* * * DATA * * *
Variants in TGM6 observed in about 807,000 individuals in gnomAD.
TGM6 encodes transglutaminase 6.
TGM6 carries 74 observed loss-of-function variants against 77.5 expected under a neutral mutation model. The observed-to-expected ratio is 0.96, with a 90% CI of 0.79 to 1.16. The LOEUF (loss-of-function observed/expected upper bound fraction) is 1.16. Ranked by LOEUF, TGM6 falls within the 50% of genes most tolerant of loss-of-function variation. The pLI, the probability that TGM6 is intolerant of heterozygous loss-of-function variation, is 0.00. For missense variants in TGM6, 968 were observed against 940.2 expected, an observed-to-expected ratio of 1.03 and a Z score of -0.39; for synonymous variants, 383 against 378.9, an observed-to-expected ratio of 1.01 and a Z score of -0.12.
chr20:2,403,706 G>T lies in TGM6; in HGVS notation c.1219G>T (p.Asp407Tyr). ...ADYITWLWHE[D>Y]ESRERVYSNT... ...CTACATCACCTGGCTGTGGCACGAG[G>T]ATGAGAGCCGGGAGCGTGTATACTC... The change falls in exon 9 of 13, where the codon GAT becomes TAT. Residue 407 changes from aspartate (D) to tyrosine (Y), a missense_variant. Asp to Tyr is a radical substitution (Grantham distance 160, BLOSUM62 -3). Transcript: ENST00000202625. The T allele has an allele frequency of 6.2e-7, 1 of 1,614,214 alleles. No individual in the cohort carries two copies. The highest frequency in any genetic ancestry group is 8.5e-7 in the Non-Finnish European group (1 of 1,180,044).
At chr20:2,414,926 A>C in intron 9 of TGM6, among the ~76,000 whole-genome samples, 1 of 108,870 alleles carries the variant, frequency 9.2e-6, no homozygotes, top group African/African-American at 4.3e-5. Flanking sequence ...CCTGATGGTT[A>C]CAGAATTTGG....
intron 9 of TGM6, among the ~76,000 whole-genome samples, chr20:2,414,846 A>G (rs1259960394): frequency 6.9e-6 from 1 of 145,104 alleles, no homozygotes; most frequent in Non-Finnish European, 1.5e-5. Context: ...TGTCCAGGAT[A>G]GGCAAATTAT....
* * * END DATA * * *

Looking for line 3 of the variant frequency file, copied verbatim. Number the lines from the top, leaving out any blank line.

TGM6 carries 74 observed loss-of-function variants against 77.5 expected under a neutral mutation model. The observed-to-expected ratio is 0.96, with a 90% CI of 0.79 to 1.16. The LOEUF (loss-of-function observed/expected upper bound fraction) is 1.16. Ranked by LOEUF, TGM6 falls within the 50% of genes most tolerant of loss-of-function variation. The pLI, the probability that TGM6 is intolerant of heterozygous loss-of-function variation, is 0.00. For missense variants in TGM6, 968 were observed against 940.2 expected, an observed-to-expected ratio of 1.03 and a Z score of -0.39; for synonymous variants, 383 against 378.9, an observed-to-expected ratio of 1.01 and a Z score of -0.12.